For the last part, I look at what some med-people of conscience have said about obeying bad top-down mandates, the VA kerfuffle, and related issues as our medical ecosystems undergo tectonic shifts in the U.S. with very mixed, highly debatable, results.

I’ve always been drawn to posts blogged by nurses, doctors, RTs, et al…

Cartoon description: Just like the iconic photograph of five helmeted WW2 veterans working together to plant an American flag in a muddy clearing on Iwo Jima, but in this iteration, the five famous GIs struggle to foist forward a tower of VA paperwork instead.

“VA Red Tape” by John Darkow, Columbia Daily Tribune.

and for understanding the complexities of the overlapping universes (univerii? the multiverse?) of health care models and their rules and regulations, the medical bloggers out there are invaluable.

Dr. Marc-David Munk, blogging from his unique vantage point as “Chief Medical Officer” of an ACO in Central Massachusetts, explains the paradox behind the epic fails seen at the VA and other “big healthcare” institutions: the more top-down mandates, rigid accountability rules, and abstract “performance metrics” are imposed, the more you accelerate crapification¹, enable unaccountability and cooking the books, remove front-line staff’s decision-making powers, and lessen patient-focused medicine.
Dr. Munk deftly unpacks the weirdity:

It’s a common story to anyone who has been around big healthcare: senior management attempts to respond to a business problem by implementing a series of high level mandates that remove front-line management’s ability to think and make operational decisions.

…A cascade of things happens with high-level mandates: Senior management becomes obsessive about setting and measuring metrics. The degrees of freedom for people to make patient-focussed care decisions diminishes and every manager along the way starts to feel squeezed on all sides. Some find work-arounds such as the secret set of “waiting lists” kept off the books at the VA and the false reports generated by some.

See the entire blog post: The VA, Laws on Healthcare and the Dangerous Business of Replacing Front-Line Thinking with Corporate Mandates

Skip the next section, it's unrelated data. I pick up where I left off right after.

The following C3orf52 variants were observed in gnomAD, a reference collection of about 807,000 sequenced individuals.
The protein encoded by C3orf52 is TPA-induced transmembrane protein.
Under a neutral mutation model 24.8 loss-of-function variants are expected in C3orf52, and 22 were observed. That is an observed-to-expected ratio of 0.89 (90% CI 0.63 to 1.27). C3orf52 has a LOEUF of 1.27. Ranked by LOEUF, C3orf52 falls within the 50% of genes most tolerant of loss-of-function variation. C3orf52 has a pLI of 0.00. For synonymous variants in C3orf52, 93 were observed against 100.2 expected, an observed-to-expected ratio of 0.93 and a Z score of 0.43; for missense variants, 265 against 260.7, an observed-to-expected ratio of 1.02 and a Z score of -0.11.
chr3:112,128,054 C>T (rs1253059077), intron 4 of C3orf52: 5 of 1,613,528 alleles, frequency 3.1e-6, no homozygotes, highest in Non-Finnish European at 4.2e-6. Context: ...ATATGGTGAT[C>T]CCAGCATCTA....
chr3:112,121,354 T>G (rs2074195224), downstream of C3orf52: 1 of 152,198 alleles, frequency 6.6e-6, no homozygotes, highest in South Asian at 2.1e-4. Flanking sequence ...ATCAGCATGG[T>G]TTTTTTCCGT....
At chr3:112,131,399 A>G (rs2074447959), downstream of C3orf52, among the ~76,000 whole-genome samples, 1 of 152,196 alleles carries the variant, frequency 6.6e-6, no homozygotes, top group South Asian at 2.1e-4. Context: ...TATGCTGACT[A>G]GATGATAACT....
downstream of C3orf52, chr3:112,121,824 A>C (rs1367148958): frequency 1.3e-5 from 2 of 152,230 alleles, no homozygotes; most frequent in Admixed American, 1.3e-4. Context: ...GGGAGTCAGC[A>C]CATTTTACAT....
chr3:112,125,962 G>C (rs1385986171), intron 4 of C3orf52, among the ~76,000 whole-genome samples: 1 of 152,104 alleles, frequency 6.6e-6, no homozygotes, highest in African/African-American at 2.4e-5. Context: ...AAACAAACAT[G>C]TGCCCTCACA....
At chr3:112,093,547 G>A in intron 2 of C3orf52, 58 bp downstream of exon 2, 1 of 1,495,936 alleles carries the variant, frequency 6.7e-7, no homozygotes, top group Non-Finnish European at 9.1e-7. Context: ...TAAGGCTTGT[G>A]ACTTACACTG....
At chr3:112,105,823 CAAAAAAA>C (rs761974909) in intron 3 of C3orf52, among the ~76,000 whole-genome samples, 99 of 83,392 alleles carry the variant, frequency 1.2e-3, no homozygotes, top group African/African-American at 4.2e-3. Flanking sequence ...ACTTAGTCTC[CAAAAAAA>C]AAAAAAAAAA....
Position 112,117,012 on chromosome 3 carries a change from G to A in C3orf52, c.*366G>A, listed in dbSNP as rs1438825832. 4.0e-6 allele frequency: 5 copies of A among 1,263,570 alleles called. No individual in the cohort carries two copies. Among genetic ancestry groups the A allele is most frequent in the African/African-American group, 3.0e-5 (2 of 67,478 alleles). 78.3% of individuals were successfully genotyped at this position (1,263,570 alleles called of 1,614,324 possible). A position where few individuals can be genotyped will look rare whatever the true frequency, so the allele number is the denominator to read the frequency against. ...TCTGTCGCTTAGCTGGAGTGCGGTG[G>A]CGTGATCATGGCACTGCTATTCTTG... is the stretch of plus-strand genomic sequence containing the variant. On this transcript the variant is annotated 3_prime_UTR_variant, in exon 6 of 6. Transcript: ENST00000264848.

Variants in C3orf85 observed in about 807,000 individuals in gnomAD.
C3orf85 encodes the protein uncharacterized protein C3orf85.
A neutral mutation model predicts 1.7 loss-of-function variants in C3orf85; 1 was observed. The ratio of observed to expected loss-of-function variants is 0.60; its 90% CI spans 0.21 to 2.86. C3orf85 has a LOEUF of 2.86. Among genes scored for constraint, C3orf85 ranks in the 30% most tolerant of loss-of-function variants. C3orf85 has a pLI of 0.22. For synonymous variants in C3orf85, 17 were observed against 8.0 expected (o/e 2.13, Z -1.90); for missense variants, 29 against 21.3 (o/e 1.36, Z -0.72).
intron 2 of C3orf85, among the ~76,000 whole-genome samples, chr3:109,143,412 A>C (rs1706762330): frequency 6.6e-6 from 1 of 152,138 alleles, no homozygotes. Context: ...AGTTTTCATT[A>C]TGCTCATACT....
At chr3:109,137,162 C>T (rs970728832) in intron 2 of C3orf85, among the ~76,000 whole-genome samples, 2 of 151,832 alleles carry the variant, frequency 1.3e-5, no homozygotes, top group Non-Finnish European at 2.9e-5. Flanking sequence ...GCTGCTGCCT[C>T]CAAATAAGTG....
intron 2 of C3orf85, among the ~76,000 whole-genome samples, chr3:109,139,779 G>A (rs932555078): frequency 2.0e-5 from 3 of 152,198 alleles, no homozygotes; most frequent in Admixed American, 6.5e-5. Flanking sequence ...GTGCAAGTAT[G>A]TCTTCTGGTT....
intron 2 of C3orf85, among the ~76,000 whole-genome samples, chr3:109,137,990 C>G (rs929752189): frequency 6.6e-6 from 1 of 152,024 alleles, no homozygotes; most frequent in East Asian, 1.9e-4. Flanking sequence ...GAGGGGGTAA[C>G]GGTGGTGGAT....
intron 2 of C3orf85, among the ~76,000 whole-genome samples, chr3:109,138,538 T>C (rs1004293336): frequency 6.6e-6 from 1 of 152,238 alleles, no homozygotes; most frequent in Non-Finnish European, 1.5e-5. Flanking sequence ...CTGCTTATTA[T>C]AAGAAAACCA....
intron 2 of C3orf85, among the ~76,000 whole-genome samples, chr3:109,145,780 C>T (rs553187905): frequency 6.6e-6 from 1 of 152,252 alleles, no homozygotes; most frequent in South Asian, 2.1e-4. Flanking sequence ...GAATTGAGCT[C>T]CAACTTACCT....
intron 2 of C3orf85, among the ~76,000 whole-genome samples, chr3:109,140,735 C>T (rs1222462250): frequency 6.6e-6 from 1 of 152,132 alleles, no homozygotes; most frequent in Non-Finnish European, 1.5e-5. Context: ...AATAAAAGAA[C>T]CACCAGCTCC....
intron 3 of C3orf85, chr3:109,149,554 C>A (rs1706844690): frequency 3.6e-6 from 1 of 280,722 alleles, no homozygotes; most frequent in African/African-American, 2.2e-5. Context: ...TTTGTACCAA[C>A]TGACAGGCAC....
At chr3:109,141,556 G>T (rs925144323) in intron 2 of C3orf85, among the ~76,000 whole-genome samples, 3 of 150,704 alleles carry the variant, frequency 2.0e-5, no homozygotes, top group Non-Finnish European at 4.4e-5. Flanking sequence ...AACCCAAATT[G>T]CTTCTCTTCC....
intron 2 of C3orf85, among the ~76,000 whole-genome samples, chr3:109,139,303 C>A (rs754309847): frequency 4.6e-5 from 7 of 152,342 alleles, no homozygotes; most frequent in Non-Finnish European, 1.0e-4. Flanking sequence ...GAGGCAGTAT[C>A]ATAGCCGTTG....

Dr. Roy Poses, blogging fearlessly at Health Care Renewal, takes on the issue of top-down mandates from corporate managers with uncommon boldness, questioning the ability of the MBA managerial class to understand medical care long-haul at all, even pondering the role corporate psychopaths helming our big health care conglomerates might be playing in the present state of affairs. I applaud you, Dr. Poses! Your candor and insight (and pure gutsiness) is desperately needed. PLEASE keep bloggering on – KBO!

Dr. Michael Hein (linked to by Dr. Munk) sheds light on the 90% of the iceberg underneath the VA scandal we’re not seeing or addressing: the crisis of woefully scarce primary care.  Most civilians wait much longer than 14 days for an initial primary care appointment; 30 days if you’re lucky, up to 6-9 months depending on which part of the country you’re in.
Dr. Hein also linked to the always insightful OB/GYN Dr. Jen Gunter reining in “metrics madness” at the VA and elsewhere with her lasso of truth.

I hope to blog more about the issue of the supply of health care in the future.  The Affordable Care Act and Medicaid expansion (see my post explaining the Medicaid expansionboost access to insurance (and ostensibly health care) without a corresponding effort to expand the supply of doctors, nurses, hospitals, and so forth.  Though I disagree with libertarian sources like Reason Magazine on most issues excepting civil liberties and bad, counterintuitive regulations being bad, I gotta give ’em a big tip of the hat for addressing the supply of health care and the many unnecessary choke-points in the supply pipeline head-on: Video: How to Grow the Supply of Health Care RIGHT NOW!